A Lackadaisical Lexicon for Laggard Logophiles
FRIDAY
[noun]
the sixth day of the week, following Thursday; the fifth working day of the week.
The name Friday comes from the Old English Frīġedæġ, meaning the “day of Frigg/Freyja”, a result of an old convention associating the Old English goddess Frige with the Roman goddess Venus, with whom the day is associated in many different cultures.
Frigg is a major goddess in Norse paganism. She is said to be the wife of Odin, and is the “foremost among the goddesses” and the queen of Asgard. Frigg appears primarily in Norse mythological stories as a wife and a mother. She is also described as having the power of prophecy yet she does not reveal what she knows. Frigg is described as the only one other than Odin who is permitted to sit on his high seat Hlidskjalf and look out over the universe. She is the mother of Baldr. Her stepchildren are Thor, Hermóðr, Heimdallr, Týr, Bragi, Víðarr, Váli, Skjöldur, and Höðr. Frigg’s companion is Eir, a goddess associated with medical skills. Frigg’s attendants are Hlín, Gná, and Fulla.
Alternatively, Freyja (Old Norse the “Lady”) is a goddess associated with love, beauty, fertility, gold, seiðr, war, and death. She is the owner of the necklace Brísingamen, rides a chariot pulled by two cats, owns the boar Hildisvíni, possesses a cloak of falcon feathers, and, by her husband Óðr, is the mother of two daughters, Hnoss and Gersemi. Along with her brother Freyr (Old Norse the “Lord”), her father Njörðr, and her mother (Njörðr’s sister, unnamed in sources), she is a member of the Vanir. Stemming from Old Norse Freyja, modern forms of the name include Freya, Frejya, Freyia, Frøya, Frøjya, and Freia.
Etymology: ‘day of Frigg/Freyja’ - Ancient Greek hemera Aphrodites (day of Aphrodite) > Latin dies Veneris (day of Venus) > Old English frigedæg (Freya/Frigg’s day); Middle English fridai; Germanic frije-dagaz; Old High German Frīatag; Modern German Freitag; Old Norse frjá-dagr; Dutch Vrijdag; Modern Scandinavian Fredag.
[J.C. Dollman, edited by Magdalena] [1] [2]

FRIDAY

[noun]

the sixth day of the week, following Thursday; the fifth working day of the week.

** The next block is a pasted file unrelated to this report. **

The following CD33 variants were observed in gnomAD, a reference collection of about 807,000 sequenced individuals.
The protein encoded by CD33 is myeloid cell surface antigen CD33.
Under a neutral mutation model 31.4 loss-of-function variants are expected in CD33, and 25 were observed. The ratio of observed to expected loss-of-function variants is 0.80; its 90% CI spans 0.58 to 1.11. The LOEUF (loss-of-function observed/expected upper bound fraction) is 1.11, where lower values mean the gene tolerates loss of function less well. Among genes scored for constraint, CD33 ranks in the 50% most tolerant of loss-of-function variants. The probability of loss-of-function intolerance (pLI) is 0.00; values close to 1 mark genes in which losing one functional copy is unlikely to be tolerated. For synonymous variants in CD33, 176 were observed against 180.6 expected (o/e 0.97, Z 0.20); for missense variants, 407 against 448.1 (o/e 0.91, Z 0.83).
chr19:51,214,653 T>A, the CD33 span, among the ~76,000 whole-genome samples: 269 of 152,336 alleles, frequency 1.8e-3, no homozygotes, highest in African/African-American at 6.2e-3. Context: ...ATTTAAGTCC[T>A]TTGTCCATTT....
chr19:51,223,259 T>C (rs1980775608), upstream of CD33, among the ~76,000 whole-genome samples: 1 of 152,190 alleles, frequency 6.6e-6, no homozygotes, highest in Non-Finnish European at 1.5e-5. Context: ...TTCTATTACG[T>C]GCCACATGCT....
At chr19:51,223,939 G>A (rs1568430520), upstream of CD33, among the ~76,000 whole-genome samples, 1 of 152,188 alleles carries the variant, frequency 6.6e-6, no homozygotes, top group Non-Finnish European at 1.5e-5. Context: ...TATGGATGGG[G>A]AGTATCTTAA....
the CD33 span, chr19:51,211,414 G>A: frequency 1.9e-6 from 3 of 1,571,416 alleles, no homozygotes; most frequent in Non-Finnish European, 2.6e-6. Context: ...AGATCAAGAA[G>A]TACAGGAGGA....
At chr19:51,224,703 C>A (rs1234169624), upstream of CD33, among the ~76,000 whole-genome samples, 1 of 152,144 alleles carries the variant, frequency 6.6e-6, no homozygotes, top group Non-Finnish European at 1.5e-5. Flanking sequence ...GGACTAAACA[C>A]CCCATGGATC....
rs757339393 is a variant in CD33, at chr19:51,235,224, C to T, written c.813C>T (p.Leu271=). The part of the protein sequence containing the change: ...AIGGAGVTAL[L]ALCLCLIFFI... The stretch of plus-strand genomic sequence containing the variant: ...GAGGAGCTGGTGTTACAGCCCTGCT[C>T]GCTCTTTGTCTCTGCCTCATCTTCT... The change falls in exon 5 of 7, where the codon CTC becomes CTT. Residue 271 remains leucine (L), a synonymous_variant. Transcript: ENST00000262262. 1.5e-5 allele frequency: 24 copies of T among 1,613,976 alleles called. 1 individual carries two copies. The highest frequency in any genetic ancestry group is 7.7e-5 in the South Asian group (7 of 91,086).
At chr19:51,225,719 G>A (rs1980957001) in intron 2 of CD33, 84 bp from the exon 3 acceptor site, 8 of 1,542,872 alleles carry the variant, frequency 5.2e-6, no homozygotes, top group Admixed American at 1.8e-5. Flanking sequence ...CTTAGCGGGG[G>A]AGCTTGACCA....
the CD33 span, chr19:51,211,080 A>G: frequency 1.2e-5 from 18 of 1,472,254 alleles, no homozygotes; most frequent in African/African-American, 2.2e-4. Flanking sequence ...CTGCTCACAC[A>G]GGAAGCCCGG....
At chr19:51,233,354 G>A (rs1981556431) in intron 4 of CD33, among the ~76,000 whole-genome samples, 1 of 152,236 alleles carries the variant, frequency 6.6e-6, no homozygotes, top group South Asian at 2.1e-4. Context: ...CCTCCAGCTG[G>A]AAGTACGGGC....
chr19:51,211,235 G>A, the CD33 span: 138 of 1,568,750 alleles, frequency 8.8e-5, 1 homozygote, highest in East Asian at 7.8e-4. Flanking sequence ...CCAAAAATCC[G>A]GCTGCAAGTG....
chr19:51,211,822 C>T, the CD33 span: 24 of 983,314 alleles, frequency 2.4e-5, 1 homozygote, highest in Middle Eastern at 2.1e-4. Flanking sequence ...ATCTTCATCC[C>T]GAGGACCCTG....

The name Friday comes from the Old English Frīġedæġ, meaning the “day of Frigg/Freyja”, a result of an old convention associating the Old English goddess Frige with the Roman goddess Venus, with whom the day is associated in many different cultures.

Frigg is a major goddess in Norse paganism. She is said to be the wife of Odin, and is the “foremost among the goddesses” and the queen of Asgard. Frigg appears primarily in Norse mythological stories as a wife and a mother. She is also described as having the power of prophecy yet she does not reveal what she knows. Frigg is described as the only one other than Odin who is permitted to sit on his high seat Hlidskjalf and look out over the universe. She is the mother of Baldr. Her stepchildren are Thor, Hermóðr, Heimdallr, Týr, Bragi, Víðarr, Váli, Skjöldur, and Höðr. Frigg’s companion is Eir, a goddess associated with medical skills. Frigg’s attendants are Hlín, Gná, and Fulla.

Alternatively, Freyja (Old Norse the “Lady”) is a goddess associated with love, beauty, fertility, gold, seiðr, war, and death. She is the owner of the necklace Brísingamen, rides a chariot pulled by two cats, owns the boar Hildisvíni, possesses a cloak of falcon feathers, and, by her husband Óðr, is the mother of two daughters, Hnoss and Gersemi. Along with her brother Freyr (Old Norse the “Lord”), her father Njörðr, and her mother (Njörðr’s sister, unnamed in sources), she is a member of the Vanir. Stemming from Old Norse Freyja, modern forms of the name include Freya, Frejya, Freyia, Frøya, Frøjya, and Freia.

Etymology: ‘day of Frigg/Freyja’ - Ancient Greek hemera Aphrodites (day of Aphrodite) > Latin dies Veneris (day of Venus) > Old English frigedæg (Freya/Frigg’s day); Middle English fridai; Germanic frije-dagaz; Old High German Frīatag; Modern German Freitag; Old Norse frjá-dagr; Dutch Vrijdag; Modern Scandinavian Fredag.

[J.C. Dollman, edited by Magdalena] [1[2]

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